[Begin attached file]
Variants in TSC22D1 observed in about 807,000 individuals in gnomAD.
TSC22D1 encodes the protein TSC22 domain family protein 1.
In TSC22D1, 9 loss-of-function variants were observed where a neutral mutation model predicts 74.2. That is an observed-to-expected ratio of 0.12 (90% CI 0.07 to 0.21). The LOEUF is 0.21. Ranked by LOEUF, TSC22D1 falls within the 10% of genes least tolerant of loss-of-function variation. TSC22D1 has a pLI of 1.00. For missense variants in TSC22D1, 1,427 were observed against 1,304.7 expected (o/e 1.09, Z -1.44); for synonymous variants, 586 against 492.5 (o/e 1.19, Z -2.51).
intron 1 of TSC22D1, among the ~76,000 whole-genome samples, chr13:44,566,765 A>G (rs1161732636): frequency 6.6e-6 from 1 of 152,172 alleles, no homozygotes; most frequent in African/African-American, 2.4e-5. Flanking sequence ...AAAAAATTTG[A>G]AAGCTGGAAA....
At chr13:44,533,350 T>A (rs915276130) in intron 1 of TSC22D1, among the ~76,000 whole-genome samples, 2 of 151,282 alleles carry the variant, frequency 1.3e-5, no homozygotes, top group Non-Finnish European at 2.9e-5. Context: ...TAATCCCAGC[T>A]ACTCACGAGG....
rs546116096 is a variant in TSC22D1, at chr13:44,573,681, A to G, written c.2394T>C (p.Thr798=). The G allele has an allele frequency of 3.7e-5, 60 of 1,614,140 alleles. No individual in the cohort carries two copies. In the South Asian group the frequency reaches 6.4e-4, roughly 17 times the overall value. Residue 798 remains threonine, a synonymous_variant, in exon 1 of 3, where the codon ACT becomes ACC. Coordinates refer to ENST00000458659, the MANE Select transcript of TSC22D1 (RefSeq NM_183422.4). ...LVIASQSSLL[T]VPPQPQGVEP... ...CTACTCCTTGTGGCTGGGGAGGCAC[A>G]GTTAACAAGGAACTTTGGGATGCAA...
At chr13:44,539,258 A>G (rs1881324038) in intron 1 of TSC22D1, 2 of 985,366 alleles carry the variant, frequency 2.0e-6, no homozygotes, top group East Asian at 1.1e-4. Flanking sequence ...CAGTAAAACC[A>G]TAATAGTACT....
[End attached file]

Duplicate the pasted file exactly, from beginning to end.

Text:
Variants in TSC22D1 observed in about 807,000 individuals in gnomAD.
TSC22D1 encodes the protein TSC22 domain family protein 1.
In TSC22D1, 9 loss-of-function variants were observed where a neutral mutation model predicts 74.2. That is an observed-to-expected ratio of 0.12 (90% CI 0.07 to 0.21). The LOEUF is 0.21. Ranked by LOEUF, TSC22D1 falls within the 10% of genes least tolerant of loss-of-function variation. TSC22D1 has a pLI of 1.00. For missense variants in TSC22D1, 1,427 were observed against 1,304.7 expected (o/e 1.09, Z -1.44); for synonymous variants, 586 against 492.5 (o/e 1.19, Z -2.51).
intron 1 of TSC22D1, among the ~76,000 whole-genome samples, chr13:44,566,765 A>G (rs1161732636): frequency 6.6e-6 from 1 of 152,172 alleles, no homozygotes; most frequent in African/African-American, 2.4e-5. Flanking sequence ...AAAAAATTTG[A>G]AAGCTGGAAA....
At chr13:44,533,350 T>A (rs915276130) in intron 1 of TSC22D1, among the ~76,000 whole-genome samples, 2 of 151,282 alleles carry the variant, frequency 1.3e-5, no homozygotes, top group Non-Finnish European at 2.9e-5. Context: ...TAATCCCAGC[T>A]ACTCACGAGG....
rs546116096 is a variant in TSC22D1, at chr13:44,573,681, A to G, written c.2394T>C (p.Thr798=). The G allele has an allele frequency of 3.7e-5, 60 of 1,614,140 alleles. No individual in the cohort carries two copies. In the South Asian group the frequency reaches 6.4e-4, roughly 17 times the overall value. Residue 798 remains threonine, a synonymous_variant, in exon 1 of 3, where the codon ACT becomes ACC. Coordinates refer to ENST00000458659, the MANE Select transcript of TSC22D1 (RefSeq NM_183422.4). ...LVIASQSSLL[T]VPPQPQGVEP... ...CTACTCCTTGTGGCTGGGGAGGCAC[A>G]GTTAACAAGGAACTTTGGGATGCAA...
At chr13:44,539,258 A>G (rs1881324038) in intron 1 of TSC22D1, 2 of 985,366 alleles carry the variant, frequency 2.0e-6, no homozygotes, top group East Asian at 1.1e-4. Flanking sequence ...CAGTAAAACC[A>G]TAATAGTACT....